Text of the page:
1082 Seymour Street, Vancouver, BC
An exterior shot of Freesia in Vancouver
|Architect||Lawrence Doyle Young + Wright Architects|
|Number of Units||185|
|Number of Floors||18|
|Type of Roof||IRMA|
|1082 Seymour Street, Vancouver, BC|
|Distance to Public Transit||Closest bus stop is 0.15 kilometres away|
|Title of Land||Strata|
There is no doubt that urban development can greatly change an area, with a prime example of this phenomenon in action being Vancouver's Yaletown district. Formerly an industrial mecca decades ago, the arrival of the 1986's World Fair saw it rapidly transform into the chic neighbourhood it is today.
Constructed in 2006, Freesia is a 18 floor building with 185 units available for sale or rent. It was developed by the uniquely named Magellen 20/20, and the design duties were handled by Lawrence Doyle Young + Wright Architects, a Vancouver based firm of some repute.
Though its single greatest point of appeal may stem from its location on Seymour Street, the amenities that Freesia has to offer should not be overlooked; it, like every other building of its standard, has a variety of features designed to make life easier on its residents, even if only by a little bit at a time.
Located on 1082 Seymour Street, Freesia finds itself in the heart of the aforementioned Yaletown region. Saying that it is vastly different now then it was then is a tremendous understatement, with the rail yards and warehouses that formerly filled the area having been replaced with all the ingredients for a hip neighbourhood with a reputation for an excellent nightlife; bars, lounges, coffee shops, and more can all be found in Yaletown.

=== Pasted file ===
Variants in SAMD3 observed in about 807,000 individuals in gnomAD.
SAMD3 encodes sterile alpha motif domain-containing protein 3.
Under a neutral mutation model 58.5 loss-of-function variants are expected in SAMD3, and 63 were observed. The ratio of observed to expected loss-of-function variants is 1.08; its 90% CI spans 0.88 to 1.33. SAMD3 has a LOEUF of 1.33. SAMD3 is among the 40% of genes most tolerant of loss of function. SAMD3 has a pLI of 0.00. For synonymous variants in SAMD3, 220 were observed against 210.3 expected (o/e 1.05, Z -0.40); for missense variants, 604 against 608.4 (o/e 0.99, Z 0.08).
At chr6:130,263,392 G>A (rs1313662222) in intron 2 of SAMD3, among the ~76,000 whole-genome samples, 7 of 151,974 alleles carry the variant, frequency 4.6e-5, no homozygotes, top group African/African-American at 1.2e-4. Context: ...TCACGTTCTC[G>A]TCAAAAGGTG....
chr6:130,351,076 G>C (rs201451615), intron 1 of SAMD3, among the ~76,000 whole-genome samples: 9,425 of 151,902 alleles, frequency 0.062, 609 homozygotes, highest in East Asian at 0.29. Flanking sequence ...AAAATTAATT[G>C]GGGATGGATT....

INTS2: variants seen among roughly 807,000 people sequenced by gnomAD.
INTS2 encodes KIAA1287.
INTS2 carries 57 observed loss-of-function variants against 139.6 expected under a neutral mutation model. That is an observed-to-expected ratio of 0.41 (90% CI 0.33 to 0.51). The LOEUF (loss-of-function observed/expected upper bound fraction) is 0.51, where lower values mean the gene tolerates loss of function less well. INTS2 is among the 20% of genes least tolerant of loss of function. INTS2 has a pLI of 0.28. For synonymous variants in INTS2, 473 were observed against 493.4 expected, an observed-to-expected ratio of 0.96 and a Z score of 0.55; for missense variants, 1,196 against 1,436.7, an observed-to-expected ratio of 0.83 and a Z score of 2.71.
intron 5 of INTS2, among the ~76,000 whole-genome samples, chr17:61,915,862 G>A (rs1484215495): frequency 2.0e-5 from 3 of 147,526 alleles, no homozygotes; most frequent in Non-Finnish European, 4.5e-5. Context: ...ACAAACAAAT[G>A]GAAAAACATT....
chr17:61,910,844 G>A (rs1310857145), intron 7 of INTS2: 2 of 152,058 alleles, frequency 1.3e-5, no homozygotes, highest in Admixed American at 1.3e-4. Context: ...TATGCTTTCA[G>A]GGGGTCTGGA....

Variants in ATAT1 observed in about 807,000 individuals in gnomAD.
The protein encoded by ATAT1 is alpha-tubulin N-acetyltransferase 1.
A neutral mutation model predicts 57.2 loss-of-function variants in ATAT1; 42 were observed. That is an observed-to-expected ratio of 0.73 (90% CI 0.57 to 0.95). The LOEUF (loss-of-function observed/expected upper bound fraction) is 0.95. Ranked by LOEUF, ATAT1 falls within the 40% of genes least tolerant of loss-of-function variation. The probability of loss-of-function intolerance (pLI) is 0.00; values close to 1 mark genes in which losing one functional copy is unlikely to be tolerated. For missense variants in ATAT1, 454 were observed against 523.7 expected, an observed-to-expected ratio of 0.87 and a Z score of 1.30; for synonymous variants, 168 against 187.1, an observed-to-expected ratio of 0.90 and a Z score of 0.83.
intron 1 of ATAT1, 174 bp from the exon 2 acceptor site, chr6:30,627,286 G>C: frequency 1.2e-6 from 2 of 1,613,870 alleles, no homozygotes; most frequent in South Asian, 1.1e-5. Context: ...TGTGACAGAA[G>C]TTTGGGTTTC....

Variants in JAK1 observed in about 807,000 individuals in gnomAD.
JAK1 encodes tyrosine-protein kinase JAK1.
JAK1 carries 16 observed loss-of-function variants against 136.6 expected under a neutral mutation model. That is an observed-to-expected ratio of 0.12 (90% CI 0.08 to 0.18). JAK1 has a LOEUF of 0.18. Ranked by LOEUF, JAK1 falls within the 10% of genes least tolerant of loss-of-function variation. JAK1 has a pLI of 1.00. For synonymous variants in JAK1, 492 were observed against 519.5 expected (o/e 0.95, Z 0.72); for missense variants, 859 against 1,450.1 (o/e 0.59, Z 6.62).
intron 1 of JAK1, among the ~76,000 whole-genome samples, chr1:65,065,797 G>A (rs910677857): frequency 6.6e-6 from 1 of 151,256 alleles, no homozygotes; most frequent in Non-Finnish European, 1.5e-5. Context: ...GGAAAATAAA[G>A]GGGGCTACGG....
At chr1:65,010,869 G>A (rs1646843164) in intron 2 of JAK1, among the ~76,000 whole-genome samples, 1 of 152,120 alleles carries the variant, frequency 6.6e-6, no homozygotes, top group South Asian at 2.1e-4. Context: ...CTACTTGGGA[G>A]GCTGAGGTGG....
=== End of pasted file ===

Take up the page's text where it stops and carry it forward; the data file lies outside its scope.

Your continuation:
There are, of course, a number of shopping opportunities as well, along with a fine selection of restaurants, with a wide range of cuisine being represented.
Running daily errands will not be at all troublesome at Freesia, as many of the nearby stores and services are within easy walking distance. In addition, the city's excellent transit system has a large number of possible connections nearby Freesia, with 51 bus options and three SkyTrain stations being in the general vicinity of the building, making it an easy task to travel in the Lower Mainland even if one does not own or have access to a vehicle.
Designed by Lawrence Doyle Young + Wright Architects, Freesia is an aesthetically pleasing structure that nevertheless follows the design paradigms set by its neighbours, being a traditionally constructed concrete building that is equipped with a full rain screen for Vancouver's unpredictable weather.
Freesia's base design has a tower extending from the end of a long horizontal base. Though many other condominiums share the same general appearance, the architects took measures to ensure that Freesia would still manage to be visually distinct. The most obvious one would be the difference in finishes between the base and the tower, with the base being finished primarily in brick and the tower portion possessing a lighter colour scheme that complements the increased number of windows.